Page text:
Bowel cancer rates in men soar by a quarter in 35 years: Obesity, smoking and drinking to blame

Bowel cancer rates in men soar by a quarter in 35 years – and obesity, smoking and drinking are to blame But the rise among women is just 6 per cent, says Cancer Research UKThe biggest rise was seen among people in their 60s and 70sDisease is linked to factors such a lack of fibre and too much red meatSome experts also believe the link with obesity seems to be stronger in men By Jenny Hope Medical Correspondent PUBLISHED: 23:23 GMT, 1 April 2013 | UPDATED: 07:42 GMT, 2 April 2013 Bowel cancer rates among men have soared by more than a quarter in the last 35 years, new figures have revealed. But the rise among women is far lower, at around six per cent. A report from Cancer Research UK says reasons for the widening gap in disease rates between the sexes remains a mystery, although it is replicated in other countries.

Extraordinary open letter from Vince Cable"s wife Rachel Smith hits back at MoS columnist who wrote of "alien nation" – and backs…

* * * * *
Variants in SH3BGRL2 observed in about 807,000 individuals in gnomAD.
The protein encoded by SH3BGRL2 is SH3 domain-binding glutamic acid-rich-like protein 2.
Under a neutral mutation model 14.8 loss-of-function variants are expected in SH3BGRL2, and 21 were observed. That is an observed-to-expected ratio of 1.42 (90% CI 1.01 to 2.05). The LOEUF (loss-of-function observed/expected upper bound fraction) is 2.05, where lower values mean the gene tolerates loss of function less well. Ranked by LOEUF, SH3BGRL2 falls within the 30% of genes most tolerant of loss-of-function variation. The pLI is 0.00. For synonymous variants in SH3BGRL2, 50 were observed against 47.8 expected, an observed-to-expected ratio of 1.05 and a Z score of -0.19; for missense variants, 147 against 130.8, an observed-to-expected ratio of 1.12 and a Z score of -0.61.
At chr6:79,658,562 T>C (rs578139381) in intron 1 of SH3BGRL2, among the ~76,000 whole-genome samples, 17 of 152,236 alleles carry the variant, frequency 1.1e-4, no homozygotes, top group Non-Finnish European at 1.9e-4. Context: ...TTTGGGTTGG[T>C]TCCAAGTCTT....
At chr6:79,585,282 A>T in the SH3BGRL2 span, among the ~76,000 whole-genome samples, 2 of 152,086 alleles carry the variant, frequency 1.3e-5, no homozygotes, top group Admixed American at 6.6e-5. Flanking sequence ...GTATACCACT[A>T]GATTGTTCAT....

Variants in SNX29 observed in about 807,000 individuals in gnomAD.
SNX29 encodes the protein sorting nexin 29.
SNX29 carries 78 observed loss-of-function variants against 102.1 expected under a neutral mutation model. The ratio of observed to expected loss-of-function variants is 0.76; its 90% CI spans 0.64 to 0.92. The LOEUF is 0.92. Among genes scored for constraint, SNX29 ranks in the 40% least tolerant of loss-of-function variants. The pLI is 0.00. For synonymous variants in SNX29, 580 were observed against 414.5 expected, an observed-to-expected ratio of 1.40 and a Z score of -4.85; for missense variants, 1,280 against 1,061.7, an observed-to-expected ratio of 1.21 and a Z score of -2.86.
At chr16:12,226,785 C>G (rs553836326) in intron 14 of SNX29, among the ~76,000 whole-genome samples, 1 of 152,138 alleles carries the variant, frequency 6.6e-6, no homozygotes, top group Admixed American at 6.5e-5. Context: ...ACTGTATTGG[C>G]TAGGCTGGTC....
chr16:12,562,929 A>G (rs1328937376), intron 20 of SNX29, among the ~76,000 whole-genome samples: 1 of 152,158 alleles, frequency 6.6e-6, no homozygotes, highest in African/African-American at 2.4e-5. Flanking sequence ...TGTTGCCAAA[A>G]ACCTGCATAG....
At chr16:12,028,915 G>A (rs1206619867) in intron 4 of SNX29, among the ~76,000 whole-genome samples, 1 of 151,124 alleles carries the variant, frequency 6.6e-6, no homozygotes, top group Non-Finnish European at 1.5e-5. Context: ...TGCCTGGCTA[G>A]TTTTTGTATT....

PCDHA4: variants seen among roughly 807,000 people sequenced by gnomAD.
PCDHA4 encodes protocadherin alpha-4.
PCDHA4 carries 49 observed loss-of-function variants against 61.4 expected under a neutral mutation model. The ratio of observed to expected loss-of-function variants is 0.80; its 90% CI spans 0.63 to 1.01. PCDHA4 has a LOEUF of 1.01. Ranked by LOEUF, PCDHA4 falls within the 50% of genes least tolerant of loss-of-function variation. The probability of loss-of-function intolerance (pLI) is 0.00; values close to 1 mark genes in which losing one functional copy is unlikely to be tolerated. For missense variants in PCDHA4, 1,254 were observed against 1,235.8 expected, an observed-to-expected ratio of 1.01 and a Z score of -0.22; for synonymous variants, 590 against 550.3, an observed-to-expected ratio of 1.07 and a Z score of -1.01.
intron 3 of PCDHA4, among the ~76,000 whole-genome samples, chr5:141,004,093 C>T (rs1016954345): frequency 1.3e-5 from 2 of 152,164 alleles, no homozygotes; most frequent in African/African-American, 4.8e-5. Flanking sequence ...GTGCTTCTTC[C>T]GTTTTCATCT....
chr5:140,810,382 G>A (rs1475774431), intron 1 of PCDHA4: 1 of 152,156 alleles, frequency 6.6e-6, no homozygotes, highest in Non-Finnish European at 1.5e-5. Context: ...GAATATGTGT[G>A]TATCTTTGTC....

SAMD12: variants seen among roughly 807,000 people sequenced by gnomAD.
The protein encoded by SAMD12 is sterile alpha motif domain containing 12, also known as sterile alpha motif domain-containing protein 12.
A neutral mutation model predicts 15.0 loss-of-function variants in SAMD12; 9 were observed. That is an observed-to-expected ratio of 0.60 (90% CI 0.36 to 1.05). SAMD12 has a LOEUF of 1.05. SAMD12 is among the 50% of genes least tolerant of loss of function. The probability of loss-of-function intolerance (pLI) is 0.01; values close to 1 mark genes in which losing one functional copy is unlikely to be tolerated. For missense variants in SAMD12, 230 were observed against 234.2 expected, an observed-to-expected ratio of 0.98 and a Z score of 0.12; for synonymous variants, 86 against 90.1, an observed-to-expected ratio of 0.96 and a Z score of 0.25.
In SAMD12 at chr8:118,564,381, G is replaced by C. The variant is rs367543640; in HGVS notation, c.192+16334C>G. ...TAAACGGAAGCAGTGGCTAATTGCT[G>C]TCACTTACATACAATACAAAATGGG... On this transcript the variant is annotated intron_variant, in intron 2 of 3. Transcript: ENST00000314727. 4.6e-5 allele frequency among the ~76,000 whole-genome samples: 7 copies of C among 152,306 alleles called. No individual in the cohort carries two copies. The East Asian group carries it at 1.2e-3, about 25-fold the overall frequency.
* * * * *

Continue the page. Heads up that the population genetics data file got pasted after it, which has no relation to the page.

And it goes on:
Britain needs immigration: Extraordinary open letter from Vince Cable's wife hits back at MoS columnist who wrote of 'alien nation' – and backs husband's mansion tax Rachel Cable responds to provocative column by Peter Hitchens'Most newcomers are either students or migrants with skills Britain needs'Mansion tax 'would help bridge widening gap between rich and poor | UPDATED: 22:42 GMT, 22 December 2012 Vince Cable's wife Rachel wrote an open letter defending Britain's immigration policy and backing her husband's policy of a mansion tax The wife of Business Secretary Vince Cable has written an extraordinary open letter defending the UK’s stance on immigration – and backing her husband’s controversial idea of a mansion tax. Rachel Cable was responding to a provocative polemic in last week’s Mail on Sunday by Peter Hitchens, who argued that British society was undergoing an irreversible transformation. Our columnist drew on recently released census data to highlight the decline of the UK’s manufacturing industry, London’s increasing detachment from the rest of the country, the decline of Christianity and marriage and the cultural changes wrought by immigration.